Acupuncture and Oriental medicine coupled with a healthy lifestyle and regular exercise, have much to offer in improving the quality of life for those who suffer from bone and joint problems.
Depressive disorders affect 10%-25% of women at some point in their lives. The body’s immune system is compromised and symptoms reduce functioning, impair work performance and social relationships. Common symptoms of depressive disorders include: a decreased interest in most activities, insomnia, fatigue, and feeling empty and worthless. At its worst, hopelessness sets in and suicide becomes a desperate option for approximately 15% of people who suffer from severe depressive disorders.
Oriental medicine does not view people as a collection of segmented parts to be treated independently but rather addresses the link between the body, spirit and mind. The goal of Oriental medicine is to bring all the human systems into a healthy balance, insuring that both the mind and body feel well and when used in conjunction with psychotherapy acupuncture has a positive and holistic effect on depressed patients. If you suffer from depression, consider acupuncture therapy in conjunction with your treatment plan to regain peace of mind, regulate your immune system and stay healthy.
Autoimmune diseases are a group of disorders in which the immune system attacks the body and destroys or alters tissues. There are more than 80 serious chronic illnesses in this category, including lupus, multiple sclerosis, and type 1 diabetes.
According to the American Autoimmune Related Diseases Association (AARDA), about 75% of autoimmune diseases occur in women. Individually, each disease appears uncommon with the exception of diabetes, thyroid disease, and lupus however as a group, the disorders make up the fourth-largest cause of disability among American women.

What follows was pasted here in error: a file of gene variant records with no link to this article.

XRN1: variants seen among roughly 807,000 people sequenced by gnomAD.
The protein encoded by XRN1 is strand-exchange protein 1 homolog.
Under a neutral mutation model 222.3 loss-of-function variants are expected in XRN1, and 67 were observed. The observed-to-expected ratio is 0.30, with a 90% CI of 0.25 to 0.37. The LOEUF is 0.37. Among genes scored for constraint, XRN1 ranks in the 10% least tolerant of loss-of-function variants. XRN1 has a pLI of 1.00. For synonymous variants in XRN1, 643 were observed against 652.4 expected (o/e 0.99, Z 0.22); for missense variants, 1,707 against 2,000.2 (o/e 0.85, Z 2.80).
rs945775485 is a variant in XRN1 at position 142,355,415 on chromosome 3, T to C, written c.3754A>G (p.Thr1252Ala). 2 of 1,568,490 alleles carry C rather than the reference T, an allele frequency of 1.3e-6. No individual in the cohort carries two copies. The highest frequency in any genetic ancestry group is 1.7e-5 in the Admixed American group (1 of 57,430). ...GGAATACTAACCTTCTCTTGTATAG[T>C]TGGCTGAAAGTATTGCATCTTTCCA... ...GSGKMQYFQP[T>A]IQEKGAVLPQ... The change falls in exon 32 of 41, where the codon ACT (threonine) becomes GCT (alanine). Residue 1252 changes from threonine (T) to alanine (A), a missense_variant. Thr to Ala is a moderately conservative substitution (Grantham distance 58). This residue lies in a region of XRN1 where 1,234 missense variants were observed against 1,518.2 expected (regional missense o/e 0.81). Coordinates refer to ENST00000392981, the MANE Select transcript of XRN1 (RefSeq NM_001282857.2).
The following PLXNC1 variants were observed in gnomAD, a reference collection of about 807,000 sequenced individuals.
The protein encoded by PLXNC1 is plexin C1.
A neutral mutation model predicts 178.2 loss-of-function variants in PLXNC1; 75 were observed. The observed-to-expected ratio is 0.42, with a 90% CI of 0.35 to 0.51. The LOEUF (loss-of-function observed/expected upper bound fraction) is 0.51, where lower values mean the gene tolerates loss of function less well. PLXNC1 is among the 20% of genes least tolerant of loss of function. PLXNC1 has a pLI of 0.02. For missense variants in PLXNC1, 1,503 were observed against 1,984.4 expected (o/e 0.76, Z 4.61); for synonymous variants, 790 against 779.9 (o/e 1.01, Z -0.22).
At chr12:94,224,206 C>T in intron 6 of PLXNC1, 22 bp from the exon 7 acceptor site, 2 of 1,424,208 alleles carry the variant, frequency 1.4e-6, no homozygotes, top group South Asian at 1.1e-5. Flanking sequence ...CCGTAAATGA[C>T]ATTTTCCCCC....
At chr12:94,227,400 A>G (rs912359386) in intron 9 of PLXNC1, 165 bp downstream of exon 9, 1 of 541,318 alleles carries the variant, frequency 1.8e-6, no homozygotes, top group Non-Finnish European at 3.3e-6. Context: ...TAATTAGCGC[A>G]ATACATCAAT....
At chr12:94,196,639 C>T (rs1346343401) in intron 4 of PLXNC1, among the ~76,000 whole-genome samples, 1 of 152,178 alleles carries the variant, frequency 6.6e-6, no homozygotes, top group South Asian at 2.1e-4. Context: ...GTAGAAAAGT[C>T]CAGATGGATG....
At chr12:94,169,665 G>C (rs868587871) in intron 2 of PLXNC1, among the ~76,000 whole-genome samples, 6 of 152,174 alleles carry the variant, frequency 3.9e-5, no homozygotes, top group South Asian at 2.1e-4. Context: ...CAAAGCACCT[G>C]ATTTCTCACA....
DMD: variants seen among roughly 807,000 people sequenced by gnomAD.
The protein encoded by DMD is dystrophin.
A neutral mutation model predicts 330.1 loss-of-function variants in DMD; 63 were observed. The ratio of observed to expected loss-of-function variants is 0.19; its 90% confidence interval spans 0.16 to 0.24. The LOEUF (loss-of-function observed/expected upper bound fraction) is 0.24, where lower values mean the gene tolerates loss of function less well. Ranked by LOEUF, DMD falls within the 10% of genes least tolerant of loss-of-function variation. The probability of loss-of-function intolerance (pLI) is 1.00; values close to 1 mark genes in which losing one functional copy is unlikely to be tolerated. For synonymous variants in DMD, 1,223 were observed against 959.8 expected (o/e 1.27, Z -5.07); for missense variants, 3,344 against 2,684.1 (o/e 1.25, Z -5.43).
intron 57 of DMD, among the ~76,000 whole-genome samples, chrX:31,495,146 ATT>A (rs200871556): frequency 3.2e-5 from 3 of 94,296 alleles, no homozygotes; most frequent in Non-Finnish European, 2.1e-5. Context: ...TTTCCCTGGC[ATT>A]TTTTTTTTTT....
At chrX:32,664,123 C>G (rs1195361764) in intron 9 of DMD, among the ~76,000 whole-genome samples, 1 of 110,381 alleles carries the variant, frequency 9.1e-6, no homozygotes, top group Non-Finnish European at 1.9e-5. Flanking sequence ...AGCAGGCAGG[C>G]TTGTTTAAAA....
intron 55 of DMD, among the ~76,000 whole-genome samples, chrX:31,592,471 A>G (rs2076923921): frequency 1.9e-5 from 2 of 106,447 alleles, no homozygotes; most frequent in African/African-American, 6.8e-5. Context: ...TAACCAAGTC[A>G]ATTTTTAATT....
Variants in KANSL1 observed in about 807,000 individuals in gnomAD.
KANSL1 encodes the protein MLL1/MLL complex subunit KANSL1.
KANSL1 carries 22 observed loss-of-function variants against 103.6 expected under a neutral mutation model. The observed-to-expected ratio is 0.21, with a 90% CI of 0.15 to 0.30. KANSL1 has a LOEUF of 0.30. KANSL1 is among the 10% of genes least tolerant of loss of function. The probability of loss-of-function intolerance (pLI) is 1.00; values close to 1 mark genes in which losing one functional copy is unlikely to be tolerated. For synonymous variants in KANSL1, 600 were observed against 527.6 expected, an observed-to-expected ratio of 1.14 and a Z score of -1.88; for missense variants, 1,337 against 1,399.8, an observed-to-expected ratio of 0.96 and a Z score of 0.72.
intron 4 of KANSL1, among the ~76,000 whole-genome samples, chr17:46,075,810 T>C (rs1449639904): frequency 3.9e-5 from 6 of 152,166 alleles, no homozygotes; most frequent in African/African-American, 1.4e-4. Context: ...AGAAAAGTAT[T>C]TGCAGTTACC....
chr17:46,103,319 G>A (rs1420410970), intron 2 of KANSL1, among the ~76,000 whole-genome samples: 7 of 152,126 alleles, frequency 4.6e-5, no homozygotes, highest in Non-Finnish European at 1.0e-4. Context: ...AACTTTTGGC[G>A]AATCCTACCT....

Due to the complexity of treating autoimmune disorders, integrative medicine solutions have received much attention as successful therapies in their treatment. Acupuncture and Oriental medicine are specifically noted for use in pain relief, regulating the immune system, managing symptoms and improving overall quality of life.
Menopause and Gynecological Health
Gynecological conditions including Premenstrual Syndrome (PMS), fibroids, endometriosis, and infertility along with menopause are some of the most successfully treated problems by acupuncture and Oriental medicine. Oriental medicine has long recognized that health and vitality can be sustained over a woman’s lifetime by restoring balance within the body and supporting the natural production of essential hormones.
Menopause is a transitional period marking the cessation of ovulation in a woman’s body. Symptoms vary from mild to severe, and are brought on as our bodies try to adapt to decreasing amounts of estrogen. Symptoms can include hot flashes, night sweats, insomnia, fatigue, mood swings, memory loss, dryness, headaches, joint pain, and weight gain. Menopause patients are encouraged to maintain a healthy weight, stabilize blood sugar, and eliminate stress, tension and anxiety or learn new techniques to cope with them to diminish the effects they have.
Oriental medicine does not recognize menopause as one particular syndrome and aims to treat the specific symptoms that are unique to each individual using a variety of techniques such as acupuncture, herbs, bodywork, lifestyle/dietary recommendations and energetic exercises to restore imbalances found in the body. Therefore, if 10 women are treated each will receive a unique, customized treatment with different acupuncture points, different herbs and different lifestyle and diet recommendations.